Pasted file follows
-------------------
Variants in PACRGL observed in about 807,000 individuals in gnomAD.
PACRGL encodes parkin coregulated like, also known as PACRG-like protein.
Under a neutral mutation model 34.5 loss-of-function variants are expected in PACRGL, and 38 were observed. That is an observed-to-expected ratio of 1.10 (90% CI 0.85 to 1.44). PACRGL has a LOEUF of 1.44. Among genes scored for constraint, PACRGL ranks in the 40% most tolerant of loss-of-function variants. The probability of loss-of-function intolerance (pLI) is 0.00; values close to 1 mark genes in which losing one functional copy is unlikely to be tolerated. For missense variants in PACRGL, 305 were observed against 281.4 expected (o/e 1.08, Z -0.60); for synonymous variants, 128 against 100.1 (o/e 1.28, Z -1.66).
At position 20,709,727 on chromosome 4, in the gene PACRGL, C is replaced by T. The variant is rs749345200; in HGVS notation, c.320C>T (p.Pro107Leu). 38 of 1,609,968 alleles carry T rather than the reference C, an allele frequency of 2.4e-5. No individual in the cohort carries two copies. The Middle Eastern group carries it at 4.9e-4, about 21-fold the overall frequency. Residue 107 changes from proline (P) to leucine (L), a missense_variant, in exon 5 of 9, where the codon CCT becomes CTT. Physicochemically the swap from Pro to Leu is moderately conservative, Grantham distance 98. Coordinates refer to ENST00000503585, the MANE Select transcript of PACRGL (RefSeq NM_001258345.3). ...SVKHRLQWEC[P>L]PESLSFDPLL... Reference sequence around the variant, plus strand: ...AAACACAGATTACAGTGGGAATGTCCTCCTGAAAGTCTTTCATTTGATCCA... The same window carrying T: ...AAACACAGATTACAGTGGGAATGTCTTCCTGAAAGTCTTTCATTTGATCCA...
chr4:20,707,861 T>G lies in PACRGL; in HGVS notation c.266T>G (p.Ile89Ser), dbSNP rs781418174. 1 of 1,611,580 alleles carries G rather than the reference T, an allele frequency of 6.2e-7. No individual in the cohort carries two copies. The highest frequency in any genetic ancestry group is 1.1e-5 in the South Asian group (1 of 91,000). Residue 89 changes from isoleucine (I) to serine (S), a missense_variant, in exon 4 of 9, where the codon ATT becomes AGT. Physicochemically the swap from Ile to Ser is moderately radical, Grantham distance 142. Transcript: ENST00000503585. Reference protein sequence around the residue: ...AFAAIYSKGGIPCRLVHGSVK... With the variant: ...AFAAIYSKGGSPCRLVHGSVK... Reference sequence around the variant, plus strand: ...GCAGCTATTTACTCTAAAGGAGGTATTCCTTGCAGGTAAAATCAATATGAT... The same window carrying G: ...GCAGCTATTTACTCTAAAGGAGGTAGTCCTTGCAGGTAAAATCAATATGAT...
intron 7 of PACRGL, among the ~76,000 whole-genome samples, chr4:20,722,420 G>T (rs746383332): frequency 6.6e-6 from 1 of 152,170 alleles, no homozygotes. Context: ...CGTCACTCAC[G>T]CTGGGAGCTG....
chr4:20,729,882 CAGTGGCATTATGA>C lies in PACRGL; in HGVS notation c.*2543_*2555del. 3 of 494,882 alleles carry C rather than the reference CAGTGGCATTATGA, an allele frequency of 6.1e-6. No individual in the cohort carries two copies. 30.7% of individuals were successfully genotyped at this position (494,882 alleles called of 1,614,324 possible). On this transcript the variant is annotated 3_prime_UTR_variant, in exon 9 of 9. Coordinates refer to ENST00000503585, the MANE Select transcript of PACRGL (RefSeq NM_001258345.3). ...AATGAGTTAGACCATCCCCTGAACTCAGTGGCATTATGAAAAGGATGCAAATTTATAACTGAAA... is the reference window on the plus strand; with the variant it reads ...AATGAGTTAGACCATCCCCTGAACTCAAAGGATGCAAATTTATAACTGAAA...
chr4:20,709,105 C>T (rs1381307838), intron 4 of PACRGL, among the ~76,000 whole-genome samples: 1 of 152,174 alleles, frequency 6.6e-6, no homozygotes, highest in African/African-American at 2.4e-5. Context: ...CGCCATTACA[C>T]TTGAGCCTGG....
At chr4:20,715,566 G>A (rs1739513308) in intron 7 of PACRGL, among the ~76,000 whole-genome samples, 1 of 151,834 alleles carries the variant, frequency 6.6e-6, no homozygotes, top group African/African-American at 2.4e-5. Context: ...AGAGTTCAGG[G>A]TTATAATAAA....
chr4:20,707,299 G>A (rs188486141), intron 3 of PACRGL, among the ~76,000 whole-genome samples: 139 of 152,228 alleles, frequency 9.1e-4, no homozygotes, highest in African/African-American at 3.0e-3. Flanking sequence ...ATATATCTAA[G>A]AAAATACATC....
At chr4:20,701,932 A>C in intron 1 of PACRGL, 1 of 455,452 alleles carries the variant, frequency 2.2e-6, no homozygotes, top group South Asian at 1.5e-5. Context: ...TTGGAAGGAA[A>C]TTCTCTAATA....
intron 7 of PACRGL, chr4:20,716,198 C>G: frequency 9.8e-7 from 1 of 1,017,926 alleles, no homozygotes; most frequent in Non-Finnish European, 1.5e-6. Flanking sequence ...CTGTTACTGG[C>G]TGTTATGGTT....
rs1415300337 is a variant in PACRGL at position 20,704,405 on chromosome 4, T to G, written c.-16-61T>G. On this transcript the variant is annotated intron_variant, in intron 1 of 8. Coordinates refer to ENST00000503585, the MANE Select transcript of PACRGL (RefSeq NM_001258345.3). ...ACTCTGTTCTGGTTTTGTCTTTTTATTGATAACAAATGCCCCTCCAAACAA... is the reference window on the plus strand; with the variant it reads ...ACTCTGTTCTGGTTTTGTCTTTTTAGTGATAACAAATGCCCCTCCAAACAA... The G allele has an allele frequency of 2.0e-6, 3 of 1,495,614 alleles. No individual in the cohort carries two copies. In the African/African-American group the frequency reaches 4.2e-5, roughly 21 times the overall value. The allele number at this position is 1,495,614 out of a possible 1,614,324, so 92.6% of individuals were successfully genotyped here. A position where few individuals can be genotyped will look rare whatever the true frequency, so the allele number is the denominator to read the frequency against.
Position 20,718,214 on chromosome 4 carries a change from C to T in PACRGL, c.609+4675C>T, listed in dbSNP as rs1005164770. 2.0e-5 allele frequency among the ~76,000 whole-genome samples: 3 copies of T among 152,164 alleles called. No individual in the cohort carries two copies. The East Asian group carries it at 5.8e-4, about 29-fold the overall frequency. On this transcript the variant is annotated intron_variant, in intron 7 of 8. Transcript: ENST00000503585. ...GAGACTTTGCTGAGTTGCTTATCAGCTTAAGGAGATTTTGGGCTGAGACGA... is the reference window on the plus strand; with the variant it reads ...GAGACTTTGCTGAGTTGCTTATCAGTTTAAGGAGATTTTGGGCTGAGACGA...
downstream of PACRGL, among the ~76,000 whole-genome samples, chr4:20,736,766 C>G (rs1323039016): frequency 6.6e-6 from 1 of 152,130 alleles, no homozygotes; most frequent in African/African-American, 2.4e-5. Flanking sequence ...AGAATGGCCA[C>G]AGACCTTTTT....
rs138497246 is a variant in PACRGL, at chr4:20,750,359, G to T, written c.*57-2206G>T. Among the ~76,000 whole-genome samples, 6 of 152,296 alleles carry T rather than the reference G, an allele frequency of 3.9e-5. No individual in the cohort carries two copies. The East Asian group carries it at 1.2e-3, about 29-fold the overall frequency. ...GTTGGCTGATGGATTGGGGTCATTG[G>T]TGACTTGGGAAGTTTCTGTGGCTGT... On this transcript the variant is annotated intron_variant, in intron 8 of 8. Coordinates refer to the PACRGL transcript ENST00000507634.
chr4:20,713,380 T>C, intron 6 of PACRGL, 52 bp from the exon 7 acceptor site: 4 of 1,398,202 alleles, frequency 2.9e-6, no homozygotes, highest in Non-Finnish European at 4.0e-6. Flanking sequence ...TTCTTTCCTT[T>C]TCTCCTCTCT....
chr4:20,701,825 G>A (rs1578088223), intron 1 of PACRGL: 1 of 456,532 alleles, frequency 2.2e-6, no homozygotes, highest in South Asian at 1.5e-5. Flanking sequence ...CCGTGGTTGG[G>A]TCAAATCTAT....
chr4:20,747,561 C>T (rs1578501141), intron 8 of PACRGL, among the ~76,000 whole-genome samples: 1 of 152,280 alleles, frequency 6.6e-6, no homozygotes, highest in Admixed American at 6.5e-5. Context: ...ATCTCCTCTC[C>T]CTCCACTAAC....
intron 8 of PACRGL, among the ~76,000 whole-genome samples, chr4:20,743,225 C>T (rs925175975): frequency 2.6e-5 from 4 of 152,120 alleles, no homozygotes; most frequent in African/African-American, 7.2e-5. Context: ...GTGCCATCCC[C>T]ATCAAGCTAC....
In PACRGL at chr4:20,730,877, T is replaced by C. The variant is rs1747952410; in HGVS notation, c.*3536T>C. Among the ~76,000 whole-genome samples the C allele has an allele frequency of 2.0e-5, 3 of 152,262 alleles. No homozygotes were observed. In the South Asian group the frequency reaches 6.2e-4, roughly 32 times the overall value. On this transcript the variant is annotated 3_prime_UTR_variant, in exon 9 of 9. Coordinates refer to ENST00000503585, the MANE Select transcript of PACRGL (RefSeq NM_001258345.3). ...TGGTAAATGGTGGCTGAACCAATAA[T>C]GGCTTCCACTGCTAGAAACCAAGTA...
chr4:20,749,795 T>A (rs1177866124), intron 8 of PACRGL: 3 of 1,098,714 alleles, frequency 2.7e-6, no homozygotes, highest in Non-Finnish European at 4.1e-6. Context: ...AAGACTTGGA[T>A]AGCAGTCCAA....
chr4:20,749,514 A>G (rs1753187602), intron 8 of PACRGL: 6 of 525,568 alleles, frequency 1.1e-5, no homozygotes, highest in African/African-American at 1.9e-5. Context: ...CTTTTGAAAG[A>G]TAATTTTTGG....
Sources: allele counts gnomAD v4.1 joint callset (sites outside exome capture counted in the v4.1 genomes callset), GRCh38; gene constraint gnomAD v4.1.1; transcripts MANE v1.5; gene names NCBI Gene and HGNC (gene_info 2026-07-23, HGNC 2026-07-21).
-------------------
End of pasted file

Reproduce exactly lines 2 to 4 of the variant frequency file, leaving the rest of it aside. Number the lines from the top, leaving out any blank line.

PACRGL encodes parkin coregulated like, also known as PACRG-like protein.
Under a neutral mutation model 34.5 loss-of-function variants are expected in PACRGL, and 38 were observed. That is an observed-to-expected ratio of 1.10 (90% CI 0.85 to 1.44). PACRGL has a LOEUF of 1.44. Among genes scored for constraint, PACRGL ranks in the 40% most tolerant of loss-of-function variants. The probability of loss-of-function intolerance (pLI) is 0.00; values close to 1 mark genes in which losing one functional copy is unlikely to be tolerated. For missense variants in PACRGL, 305 were observed against 281.4 expected (o/e 1.08, Z -0.60); for synonymous variants, 128 against 100.1 (o/e 1.28, Z -1.66).
At position 20,709,727 on chromosome 4, in the gene PACRGL, C is replaced by T. The variant is rs749345200; in HGVS notation, c.320C>T (p.Pro107Leu). 38 of 1,609,968 alleles carry T rather than the reference C, an allele frequency of 2.4e-5. No individual in the cohort carries two copies. The Middle Eastern group carries it at 4.9e-4, about 21-fold the overall frequency. Residue 107 changes from proline (P) to leucine (L), a missense_variant, in exon 5 of 9, where the codon CCT becomes CTT. Physicochemically the swap from Pro to Leu is moderately conservative, Grantham distance 98. Coordinates refer to ENST00000503585, the MANE Select transcript of PACRGL (RefSeq NM_001258345.3). ...SVKHRLQWEC[P>L]PESLSFDPLL... Reference sequence around the variant, plus strand: ...AAACACAGATTACAGTGGGAATGTCCTCCTGAAAGTCTTTCATTTGATCCA... The same window carrying T: ...AAACACAGATTACAGTGGGAATGTCTTCCTGAAAGTCTTTCATTTGATCCA...